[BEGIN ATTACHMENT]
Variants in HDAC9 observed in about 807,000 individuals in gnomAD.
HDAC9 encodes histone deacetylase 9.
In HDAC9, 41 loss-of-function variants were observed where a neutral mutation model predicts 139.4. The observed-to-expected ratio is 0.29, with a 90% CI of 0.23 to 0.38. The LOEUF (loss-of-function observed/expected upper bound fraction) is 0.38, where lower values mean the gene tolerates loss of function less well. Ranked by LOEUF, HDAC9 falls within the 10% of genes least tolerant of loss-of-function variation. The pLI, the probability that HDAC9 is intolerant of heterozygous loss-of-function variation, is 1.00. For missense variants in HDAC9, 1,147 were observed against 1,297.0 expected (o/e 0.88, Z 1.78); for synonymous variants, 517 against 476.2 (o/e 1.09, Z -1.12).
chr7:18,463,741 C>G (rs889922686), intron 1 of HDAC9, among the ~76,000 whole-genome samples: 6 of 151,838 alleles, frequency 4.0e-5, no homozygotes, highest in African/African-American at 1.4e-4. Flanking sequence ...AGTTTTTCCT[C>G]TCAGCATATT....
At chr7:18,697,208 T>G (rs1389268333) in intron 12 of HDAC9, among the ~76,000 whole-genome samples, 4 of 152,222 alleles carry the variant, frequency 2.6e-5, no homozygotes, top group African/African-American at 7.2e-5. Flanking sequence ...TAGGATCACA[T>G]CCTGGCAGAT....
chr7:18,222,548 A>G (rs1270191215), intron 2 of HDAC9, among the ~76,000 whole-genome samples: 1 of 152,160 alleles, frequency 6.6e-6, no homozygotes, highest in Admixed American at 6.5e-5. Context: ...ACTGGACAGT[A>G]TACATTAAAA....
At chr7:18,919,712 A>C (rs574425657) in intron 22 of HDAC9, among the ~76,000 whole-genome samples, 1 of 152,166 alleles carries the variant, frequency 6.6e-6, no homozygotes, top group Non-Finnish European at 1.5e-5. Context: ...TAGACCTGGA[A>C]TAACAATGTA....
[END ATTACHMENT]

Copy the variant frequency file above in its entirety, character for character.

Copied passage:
Variants in HDAC9 observed in about 807,000 individuals in gnomAD.
HDAC9 encodes histone deacetylase 9.
In HDAC9, 41 loss-of-function variants were observed where a neutral mutation model predicts 139.4. The observed-to-expected ratio is 0.29, with a 90% CI of 0.23 to 0.38. The LOEUF (loss-of-function observed/expected upper bound fraction) is 0.38, where lower values mean the gene tolerates loss of function less well. Ranked by LOEUF, HDAC9 falls within the 10% of genes least tolerant of loss-of-function variation. The pLI, the probability that HDAC9 is intolerant of heterozygous loss-of-function variation, is 1.00. For missense variants in HDAC9, 1,147 were observed against 1,297.0 expected (o/e 0.88, Z 1.78); for synonymous variants, 517 against 476.2 (o/e 1.09, Z -1.12).
chr7:18,463,741 C>G (rs889922686), intron 1 of HDAC9, among the ~76,000 whole-genome samples: 6 of 151,838 alleles, frequency 4.0e-5, no homozygotes, highest in African/African-American at 1.4e-4. Flanking sequence ...AGTTTTTCCT[C>G]TCAGCATATT....
At chr7:18,697,208 T>G (rs1389268333) in intron 12 of HDAC9, among the ~76,000 whole-genome samples, 4 of 152,222 alleles carry the variant, frequency 2.6e-5, no homozygotes, top group African/African-American at 7.2e-5. Flanking sequence ...TAGGATCACA[T>G]CCTGGCAGAT....
chr7:18,222,548 A>G (rs1270191215), intron 2 of HDAC9, among the ~76,000 whole-genome samples: 1 of 152,160 alleles, frequency 6.6e-6, no homozygotes, highest in Admixed American at 6.5e-5. Context: ...ACTGGACAGT[A>G]TACATTAAAA....
At chr7:18,919,712 A>C (rs574425657) in intron 22 of HDAC9, among the ~76,000 whole-genome samples, 1 of 152,166 alleles carries the variant, frequency 6.6e-6, no homozygotes, top group Non-Finnish European at 1.5e-5. Context: ...TAGACCTGGA[A>C]TAACAATGTA....